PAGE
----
On February 1st, we move into one of the sweetest, purest Sabbats of the Witch’s calendar. Imbolc celebrates the near-end of the long Winter, bringing us towards the warmer part of the year, and celebrating the sprouting of new life from the Earth. The Wiccan tradition celebrates this as the strengthening of the Sun God, as he comes into his adulthood, and the Goddess is coming into her maidenhood once more, after birthing the God at Yule (yep, it’s convoluted and more confusing than your average family reunion).
Brigid, or Brighid, is the Irish triple Goddess of smithcraft, poetry and healing, who was worshipped as Goddess prior to the Christianisation of Ireland, and then sainted. Her origin story differs from Celtic pagan to Christian faiths, but everyone pretty much agrees that she is the Maiden, who blesses our crops and gives us sweet-smelling Spring flowers and the most joyful of all worldly creatures: tiny, dancing, bouncing lambs (insert love heart emoji eyes here). When I spent my first early February in Ireland with my partner’s family, I was amazed to see how seriously people took what they call St. Brigid’s Day. Everyone hung an item of clothing out of the window, and Brigid’s crosses popped up in the hands of children everywhere after making them at school.
For me, Imbolc is two-fold in its importance. Firstly, I celebrate the fact that we’ve (just about) made it through another Winter, and that Springtime is pushing its way through the Earth to burst forth with sumptuous flowers and edible plants. On the other hand, I look at Imbolc as a time of the year to make plans and sow seeds. I use it to meditate on the goals I want to accomplish, and to plan out how I can best serve those goals with actions.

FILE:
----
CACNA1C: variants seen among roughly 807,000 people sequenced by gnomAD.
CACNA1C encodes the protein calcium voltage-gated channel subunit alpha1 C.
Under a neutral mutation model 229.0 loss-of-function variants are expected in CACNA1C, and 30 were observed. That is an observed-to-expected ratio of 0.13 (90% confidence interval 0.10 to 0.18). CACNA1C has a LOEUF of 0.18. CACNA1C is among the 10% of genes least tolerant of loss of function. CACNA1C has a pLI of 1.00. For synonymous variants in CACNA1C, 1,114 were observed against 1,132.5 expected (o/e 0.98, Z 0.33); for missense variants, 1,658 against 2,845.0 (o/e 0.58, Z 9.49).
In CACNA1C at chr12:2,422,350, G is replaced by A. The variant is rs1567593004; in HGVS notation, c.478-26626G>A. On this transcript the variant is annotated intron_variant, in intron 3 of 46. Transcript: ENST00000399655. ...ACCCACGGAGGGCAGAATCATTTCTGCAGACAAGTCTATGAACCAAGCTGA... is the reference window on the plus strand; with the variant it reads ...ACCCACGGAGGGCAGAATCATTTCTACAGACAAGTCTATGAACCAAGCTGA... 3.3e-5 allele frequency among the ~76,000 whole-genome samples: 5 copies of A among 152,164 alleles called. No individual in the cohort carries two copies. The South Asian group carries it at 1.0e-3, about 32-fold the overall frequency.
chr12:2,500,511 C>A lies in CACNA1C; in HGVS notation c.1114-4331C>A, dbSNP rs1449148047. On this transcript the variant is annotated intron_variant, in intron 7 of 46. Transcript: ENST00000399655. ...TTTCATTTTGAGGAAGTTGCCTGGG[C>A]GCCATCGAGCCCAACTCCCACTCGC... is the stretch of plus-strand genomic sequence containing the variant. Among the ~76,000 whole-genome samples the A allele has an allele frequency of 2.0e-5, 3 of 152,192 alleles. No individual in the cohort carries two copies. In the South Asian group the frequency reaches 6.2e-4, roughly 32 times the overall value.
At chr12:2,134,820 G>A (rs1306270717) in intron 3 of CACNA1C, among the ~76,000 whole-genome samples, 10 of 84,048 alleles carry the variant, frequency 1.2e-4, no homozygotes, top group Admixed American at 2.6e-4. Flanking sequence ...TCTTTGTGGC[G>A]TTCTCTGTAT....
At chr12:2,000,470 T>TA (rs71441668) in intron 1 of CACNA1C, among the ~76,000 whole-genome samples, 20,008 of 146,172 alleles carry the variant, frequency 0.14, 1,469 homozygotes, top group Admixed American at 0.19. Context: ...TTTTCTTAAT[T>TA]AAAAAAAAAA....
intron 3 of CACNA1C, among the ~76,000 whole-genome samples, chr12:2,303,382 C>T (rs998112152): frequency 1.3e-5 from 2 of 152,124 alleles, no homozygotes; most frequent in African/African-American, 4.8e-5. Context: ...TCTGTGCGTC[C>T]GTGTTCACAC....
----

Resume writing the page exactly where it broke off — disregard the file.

Here are just a few ways we’ll be celebrating Imbolc in our house (apartment).
- Go searching for newly-sprouted wildflowers and (respectfully, asking permission of both the source and the owner, if it’s someone else’s land!) cut some flowers for your altar.
- Speaking of altars, create a luscious Brigid-inspired display of white, green, silver, orange and red. Sprinkle with wildflowers and flame-related icons to honour Brigid and the Sun God. Add crystals that represent Imbolc, like amethyst, garnet, turquoise or aquamarine (all the prettiest shinies for this celebration!).
- Make a Brigid’s cross to hang above the door or in the rafters (you fancy thing, you) of your home to protect your house or apartment from evil and fire for the year. Next Imbolc, you can burn this year’s cross and replace it with your fresh one.
- Spring Clean. Okay, this one is just not one of my favorites, but for those of you not allergic to cleaning your own homes, now is the time to do a ritual cleansing. Mix magic into your floor wash, bless your broom and sweep away the spiritual cobwebs.
- Now is also a great time to practice some healing magic, too. If you need to address some physical or emotional issues, take some time to meditate and make yourself a gorgeous ritual healing bath of salts, peppermint, rosemary and sage. Envision the energy of new life revitalizing your body and mind (don’t scrimp on the candles).